When did Easter become so comfortable? When did we come to expect so much? When did we start focusing on the trappings rather than solely on the things Jesus accomplished?
I’ll admit, I’m having a hard time this early Easter morning. It’s 3am and I’m sleepless. Not only is this a different Easter morning than I’ve ever experienced, not only is this the first time I’ve been a part of an online Easter service…
Every seemingly small obstacle to delivering that online Easter service has been thrown at us this week. Our gracious production team — comprised largely of young adults who are self-teaching themselves professional-level editing and filmmaking each week to create our online videos — is exiting this week exhausted and frazzled.
So I can’t have my in-person Easter service. I can’t even have a breezy video production. I can’t have my comfortable little Easter, online or offline.
Did that hurt your head a bit? It hurt me to type it. Even writing out my attitude response to this morning feels… wrong. Because it is. Easter has NEVER been about comfort. NEVER been about a pretty, precious service with all the bells and whistles. NEVER been about me, or you, or us at all.
This morning — this blessed… truly blessed Easter morning — is about so much more than my Christian entitlement. It is about, and only about, my Lord and Savior Jesus Christ, who came, bled, died and was resurrected so that I would no longer be separated from God. He reunited me with my Heavenly Father, eternally, and continues to work in my life.
Nothing about “Good” Friday seemed very good. Nothing about Easter morning was rosy or pretty. The glory of the risen Lord was present, and was more beautiful than anything you or I could imagine, but it wasn’t visible with human eyes. Jesus was walking. Talking. Greeting friends and family. He was alive. He defeated — literally defeated — Death, Hell and the Grave. And with what? A wooden cross. Iron nails. A rolling stone. And the full force of Heaven’s might, power and authority. No sanctuary. No praise band. No piano. No microphones. No pews. No ushers, or Sunday School, or choir presentations.
Just Jesus. Risen. Alive. And ready to soon impart to his disciples the only remaining lesson that mattered. Go ye therefore…
Easter services are wonderful. Gathering together is a blessing. Please don’t misunderstand. But when we focus on these things, when we allow our attitudes to be altered by whether we have or don’t have the things we want… the creature comforts of traditional Easter week services… we carve a series of idols. And these idols look like a church building, like a congregation, like a service, like a string of traditions we’ve grown up adoring.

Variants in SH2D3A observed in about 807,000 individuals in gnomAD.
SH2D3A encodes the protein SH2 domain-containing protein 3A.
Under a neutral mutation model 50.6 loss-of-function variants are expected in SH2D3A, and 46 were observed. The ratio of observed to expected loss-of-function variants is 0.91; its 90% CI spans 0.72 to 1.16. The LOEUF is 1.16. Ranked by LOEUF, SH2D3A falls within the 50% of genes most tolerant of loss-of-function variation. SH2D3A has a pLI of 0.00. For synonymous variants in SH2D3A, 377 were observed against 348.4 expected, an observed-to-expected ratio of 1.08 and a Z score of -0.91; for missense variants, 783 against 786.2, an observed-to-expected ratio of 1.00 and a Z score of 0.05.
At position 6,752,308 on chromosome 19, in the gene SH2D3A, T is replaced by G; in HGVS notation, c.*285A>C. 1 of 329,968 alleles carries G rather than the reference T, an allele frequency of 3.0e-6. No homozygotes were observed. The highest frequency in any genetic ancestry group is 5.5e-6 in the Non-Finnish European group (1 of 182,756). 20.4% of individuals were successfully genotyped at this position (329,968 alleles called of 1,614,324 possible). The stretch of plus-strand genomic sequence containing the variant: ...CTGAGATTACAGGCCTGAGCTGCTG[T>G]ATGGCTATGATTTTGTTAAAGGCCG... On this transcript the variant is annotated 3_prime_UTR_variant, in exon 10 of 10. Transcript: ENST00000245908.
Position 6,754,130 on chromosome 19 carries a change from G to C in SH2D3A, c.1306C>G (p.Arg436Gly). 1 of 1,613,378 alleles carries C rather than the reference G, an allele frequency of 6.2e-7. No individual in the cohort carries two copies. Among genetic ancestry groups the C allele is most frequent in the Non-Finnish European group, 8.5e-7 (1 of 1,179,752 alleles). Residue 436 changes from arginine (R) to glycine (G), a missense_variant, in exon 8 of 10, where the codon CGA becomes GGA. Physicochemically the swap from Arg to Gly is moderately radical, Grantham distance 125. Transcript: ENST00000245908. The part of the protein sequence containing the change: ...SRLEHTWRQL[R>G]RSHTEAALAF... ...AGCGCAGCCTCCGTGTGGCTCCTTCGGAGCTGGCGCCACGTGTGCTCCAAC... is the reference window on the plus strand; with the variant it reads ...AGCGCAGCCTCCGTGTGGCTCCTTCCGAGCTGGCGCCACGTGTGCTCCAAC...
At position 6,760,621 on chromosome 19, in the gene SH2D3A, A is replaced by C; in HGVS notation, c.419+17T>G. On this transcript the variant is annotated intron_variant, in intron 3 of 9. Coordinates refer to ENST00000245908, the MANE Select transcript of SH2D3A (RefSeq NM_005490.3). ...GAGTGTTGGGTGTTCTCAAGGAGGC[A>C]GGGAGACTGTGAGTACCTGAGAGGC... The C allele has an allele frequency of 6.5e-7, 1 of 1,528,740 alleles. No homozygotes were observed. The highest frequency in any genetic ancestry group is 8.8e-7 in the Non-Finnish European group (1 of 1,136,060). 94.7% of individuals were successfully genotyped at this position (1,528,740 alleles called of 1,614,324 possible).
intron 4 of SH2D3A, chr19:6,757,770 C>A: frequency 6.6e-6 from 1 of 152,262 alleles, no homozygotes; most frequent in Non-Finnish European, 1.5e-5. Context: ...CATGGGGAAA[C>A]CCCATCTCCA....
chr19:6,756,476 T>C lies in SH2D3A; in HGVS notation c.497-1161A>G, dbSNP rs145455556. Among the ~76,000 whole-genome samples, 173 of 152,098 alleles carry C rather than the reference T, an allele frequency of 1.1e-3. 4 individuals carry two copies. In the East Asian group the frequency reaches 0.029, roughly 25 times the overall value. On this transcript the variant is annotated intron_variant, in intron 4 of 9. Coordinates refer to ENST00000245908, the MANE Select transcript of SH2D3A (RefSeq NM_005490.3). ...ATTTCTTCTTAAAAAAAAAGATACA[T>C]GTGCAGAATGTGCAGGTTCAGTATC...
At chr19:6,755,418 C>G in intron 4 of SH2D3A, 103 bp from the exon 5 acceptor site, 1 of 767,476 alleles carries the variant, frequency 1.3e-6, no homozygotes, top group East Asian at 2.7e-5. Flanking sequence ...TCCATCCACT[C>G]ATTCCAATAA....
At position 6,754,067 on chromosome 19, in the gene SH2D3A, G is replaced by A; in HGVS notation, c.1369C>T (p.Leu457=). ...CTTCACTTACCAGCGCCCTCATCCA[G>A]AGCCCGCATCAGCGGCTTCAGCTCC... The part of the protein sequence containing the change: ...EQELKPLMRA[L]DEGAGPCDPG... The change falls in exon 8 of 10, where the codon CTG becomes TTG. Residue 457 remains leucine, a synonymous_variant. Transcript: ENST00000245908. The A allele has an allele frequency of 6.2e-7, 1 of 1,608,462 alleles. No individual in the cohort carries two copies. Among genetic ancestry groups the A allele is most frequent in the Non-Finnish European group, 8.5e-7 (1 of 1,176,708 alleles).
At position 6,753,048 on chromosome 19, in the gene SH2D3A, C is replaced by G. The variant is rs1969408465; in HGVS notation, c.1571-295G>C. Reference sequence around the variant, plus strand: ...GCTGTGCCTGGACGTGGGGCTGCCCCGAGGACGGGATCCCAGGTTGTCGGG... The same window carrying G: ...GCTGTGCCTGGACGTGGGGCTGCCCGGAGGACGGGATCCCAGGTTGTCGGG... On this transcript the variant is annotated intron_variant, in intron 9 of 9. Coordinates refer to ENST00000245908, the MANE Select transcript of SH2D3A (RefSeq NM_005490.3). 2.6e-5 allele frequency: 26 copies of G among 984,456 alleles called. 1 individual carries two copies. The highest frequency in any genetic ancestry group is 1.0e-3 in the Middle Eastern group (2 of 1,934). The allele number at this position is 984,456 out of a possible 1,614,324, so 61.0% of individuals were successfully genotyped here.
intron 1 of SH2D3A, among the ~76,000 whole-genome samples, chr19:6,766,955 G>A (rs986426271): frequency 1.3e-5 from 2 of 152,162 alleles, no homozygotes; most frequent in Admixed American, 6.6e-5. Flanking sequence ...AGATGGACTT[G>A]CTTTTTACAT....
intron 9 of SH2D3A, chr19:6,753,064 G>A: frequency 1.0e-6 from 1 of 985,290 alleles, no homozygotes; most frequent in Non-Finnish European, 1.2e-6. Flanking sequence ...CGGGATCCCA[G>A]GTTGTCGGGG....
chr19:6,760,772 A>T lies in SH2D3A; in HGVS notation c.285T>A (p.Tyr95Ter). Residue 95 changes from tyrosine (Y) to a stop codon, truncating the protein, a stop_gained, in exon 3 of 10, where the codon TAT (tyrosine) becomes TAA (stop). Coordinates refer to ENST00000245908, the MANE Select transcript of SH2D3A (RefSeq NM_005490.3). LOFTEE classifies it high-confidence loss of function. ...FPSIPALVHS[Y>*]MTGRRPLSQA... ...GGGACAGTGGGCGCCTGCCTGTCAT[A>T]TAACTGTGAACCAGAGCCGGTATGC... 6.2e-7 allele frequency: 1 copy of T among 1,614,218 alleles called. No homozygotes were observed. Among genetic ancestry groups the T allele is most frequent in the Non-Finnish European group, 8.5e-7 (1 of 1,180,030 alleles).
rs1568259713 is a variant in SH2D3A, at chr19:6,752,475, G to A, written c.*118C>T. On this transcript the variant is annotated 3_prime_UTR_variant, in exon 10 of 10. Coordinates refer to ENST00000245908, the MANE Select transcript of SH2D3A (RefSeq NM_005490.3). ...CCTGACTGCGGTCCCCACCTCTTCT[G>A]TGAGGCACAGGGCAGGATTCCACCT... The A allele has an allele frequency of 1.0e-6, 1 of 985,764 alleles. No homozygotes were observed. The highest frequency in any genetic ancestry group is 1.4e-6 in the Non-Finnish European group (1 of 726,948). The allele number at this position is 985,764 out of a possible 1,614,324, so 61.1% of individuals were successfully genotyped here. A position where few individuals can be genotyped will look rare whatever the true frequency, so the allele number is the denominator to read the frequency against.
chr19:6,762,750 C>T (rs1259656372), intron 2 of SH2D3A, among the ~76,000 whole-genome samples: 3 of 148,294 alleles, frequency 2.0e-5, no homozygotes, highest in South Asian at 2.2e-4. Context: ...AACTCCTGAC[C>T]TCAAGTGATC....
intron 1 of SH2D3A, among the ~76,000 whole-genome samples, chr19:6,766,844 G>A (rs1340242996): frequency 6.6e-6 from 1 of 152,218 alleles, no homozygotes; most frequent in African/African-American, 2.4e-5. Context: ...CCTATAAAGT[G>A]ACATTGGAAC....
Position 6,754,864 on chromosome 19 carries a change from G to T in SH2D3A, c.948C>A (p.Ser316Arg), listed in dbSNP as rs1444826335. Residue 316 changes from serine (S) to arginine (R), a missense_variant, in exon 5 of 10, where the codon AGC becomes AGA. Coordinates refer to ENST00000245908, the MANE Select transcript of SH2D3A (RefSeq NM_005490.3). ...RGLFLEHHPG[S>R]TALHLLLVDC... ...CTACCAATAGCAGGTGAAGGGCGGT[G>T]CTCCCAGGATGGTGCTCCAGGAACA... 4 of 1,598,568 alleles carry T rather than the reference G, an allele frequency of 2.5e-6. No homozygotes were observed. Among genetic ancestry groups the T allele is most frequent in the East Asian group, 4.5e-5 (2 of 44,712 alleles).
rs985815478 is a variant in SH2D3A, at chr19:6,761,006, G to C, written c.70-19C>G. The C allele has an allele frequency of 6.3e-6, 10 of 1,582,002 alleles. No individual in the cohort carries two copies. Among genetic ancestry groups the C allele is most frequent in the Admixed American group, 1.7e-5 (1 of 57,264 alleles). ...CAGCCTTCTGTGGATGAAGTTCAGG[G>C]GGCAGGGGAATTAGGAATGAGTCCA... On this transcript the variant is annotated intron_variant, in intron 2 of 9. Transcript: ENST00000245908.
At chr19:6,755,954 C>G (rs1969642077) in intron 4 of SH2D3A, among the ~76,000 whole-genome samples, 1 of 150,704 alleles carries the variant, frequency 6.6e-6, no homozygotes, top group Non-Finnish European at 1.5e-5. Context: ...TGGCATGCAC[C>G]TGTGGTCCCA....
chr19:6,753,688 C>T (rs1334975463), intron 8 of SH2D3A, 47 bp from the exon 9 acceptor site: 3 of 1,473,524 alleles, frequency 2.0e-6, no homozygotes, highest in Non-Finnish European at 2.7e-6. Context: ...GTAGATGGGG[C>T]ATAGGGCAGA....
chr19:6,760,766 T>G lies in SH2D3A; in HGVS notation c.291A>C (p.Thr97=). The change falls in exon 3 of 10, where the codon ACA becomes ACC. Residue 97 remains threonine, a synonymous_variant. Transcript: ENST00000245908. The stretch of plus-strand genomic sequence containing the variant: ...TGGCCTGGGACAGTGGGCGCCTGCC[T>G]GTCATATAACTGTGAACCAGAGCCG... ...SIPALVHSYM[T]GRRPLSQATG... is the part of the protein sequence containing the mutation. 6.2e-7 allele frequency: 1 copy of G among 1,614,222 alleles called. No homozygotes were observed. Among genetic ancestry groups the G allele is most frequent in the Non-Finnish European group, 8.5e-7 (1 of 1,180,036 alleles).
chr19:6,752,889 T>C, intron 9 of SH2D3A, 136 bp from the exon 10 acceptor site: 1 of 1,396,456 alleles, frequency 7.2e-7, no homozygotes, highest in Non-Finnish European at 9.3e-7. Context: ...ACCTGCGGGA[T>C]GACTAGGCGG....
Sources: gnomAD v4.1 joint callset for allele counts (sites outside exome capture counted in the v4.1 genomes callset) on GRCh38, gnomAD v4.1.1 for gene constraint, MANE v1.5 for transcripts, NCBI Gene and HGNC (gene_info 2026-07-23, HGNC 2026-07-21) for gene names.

None of these things are bad… until we make them idols. And like the children of Israel at the foot of Mt. Sinai, we sometimes craft idols without realizing what we’re actually doing.
This morning, join me in casting aside expectations. Entitlements. Desires. Comfort. The call of the things that satisfy our flesh. Grab a hold of Jesus Christ. Remember the Cross, the nails, the tomb, the stone. Use this Easter morning to get closer to Jesus than you ever have.
We don’t have to have distractions this morning! We can celebrate the resurrection more clearly and purely than we ever have… if we take the opportunity before us. I want more than anything to resume services and to see all of you again. But until that happens, I will strive to take advantage of the quieter days, the increase in stillness, the lack of things to do, the dwindling of distractions. I will turn my eyes to Jesus and use this Easter morning to get closer to my Savior than I ever have.
I pray the things your heart aches for are just that to you: things. There is nothing wrong with missing things, or longing for a time when we can worship together once again. But Jesus is greater. Jesus is more essential. Jesus is beyond expectation. Join me in an Easter beyond expectation.
I love and miss you all dearly. Have a wonderful Easter with your Lord, with your family, with your hopes, and with His promises.